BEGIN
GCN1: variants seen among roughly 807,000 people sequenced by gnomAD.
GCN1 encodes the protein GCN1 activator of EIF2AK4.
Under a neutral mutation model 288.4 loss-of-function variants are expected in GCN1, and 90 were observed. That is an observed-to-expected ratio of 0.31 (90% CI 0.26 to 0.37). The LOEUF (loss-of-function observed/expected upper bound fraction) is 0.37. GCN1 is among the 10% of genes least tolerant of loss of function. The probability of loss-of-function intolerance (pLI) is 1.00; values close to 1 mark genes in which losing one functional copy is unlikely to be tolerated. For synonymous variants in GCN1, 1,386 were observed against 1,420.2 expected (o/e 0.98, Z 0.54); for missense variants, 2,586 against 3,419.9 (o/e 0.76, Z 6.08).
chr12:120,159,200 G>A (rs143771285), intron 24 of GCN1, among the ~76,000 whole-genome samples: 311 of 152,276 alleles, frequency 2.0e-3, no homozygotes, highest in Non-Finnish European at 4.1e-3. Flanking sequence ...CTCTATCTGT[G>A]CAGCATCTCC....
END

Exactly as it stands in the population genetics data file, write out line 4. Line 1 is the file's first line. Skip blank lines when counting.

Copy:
chr12:120,159,200 G>A (rs143771285), intron 24 of GCN1, among the ~76,000 whole-genome samples: 311 of 152,276 alleles, frequency 2.0e-3, no homozygotes, highest in Non-Finnish European at 4.1e-3. Flanking sequence ...CTCTATCTGT[G>A]CAGCATCTCC....